The bioscience enterprise has produced remarkable discoveries to illuminate our understanding of human biology and disease while creating numerous benefits for the health and welfare of society. Physicians and PhD scientists in academia and industry conduct basic and clinical research, spending over 100 billion dollars yearly in the US alone. The results of this research eventually appear in over one million scientific papers per year. But the direction of scientific progress is not exclusively forward. Much research is exploratory in nature, and tentative conclusions are both expected and beneficial. Research publications will contain errors, despite procedures designed to avoid them.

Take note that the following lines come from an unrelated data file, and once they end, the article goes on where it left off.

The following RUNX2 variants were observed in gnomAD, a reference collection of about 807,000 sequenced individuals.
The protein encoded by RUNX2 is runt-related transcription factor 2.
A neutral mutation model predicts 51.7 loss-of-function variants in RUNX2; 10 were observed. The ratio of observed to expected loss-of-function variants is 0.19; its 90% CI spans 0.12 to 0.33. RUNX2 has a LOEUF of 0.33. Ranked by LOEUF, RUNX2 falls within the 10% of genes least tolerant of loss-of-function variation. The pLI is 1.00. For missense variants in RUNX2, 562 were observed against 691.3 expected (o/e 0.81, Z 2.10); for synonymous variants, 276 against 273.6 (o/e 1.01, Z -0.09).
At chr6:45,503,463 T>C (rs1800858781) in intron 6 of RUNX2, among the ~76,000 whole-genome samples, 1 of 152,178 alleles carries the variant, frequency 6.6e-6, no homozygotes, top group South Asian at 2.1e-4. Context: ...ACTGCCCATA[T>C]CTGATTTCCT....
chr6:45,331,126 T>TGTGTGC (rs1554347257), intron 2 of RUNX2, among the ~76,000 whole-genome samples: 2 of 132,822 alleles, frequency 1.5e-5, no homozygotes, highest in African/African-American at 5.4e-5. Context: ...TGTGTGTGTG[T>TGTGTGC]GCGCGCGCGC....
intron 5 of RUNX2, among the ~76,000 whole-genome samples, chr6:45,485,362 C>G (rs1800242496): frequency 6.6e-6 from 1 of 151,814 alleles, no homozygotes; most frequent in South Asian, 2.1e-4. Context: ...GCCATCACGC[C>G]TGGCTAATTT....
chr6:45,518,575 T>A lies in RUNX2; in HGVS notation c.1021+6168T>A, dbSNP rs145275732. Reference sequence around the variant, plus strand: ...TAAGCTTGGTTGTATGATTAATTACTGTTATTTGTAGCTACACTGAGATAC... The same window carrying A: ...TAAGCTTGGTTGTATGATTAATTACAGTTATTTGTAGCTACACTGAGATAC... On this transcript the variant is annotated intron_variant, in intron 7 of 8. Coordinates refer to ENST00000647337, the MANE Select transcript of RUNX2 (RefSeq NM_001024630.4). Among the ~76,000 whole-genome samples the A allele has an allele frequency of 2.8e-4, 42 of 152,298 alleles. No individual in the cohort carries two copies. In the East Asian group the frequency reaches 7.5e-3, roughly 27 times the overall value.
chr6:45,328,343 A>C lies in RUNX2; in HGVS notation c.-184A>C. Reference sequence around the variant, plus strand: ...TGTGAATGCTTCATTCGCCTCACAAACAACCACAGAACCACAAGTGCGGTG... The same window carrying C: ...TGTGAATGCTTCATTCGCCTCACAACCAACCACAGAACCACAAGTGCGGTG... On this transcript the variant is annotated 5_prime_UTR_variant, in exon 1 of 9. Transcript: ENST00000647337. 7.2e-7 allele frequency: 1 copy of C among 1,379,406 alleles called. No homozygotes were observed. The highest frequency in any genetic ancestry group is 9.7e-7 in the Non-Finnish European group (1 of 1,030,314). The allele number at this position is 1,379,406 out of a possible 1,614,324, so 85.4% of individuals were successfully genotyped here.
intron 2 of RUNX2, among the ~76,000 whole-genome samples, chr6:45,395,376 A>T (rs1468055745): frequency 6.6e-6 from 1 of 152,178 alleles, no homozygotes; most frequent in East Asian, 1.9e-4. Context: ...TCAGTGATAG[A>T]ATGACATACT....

But today we face claims, from a variety of sources, that published bioscience research is far less reproducible than anyone previously imagined. If the most extreme of these claims is true, the integrity of the research enterprise is challenged, threatening the public support and funding that sustain it.
In this commentary, former Dean of Harvard Medical School Jeffrey Flier writes about how common research irreproducibility is, what causes this irreproducibility, and what potential responses might be to address the problem. He concludes that while more research into the nature and causes of irreproducible bioscience research is needed, we know enough today about the relevant facts to initiate remediating actions in many areas. Since so many institutions and cultural domains are involved, multiple approaches must be tried, with as much communication and, where possible, coordination among them.Full Text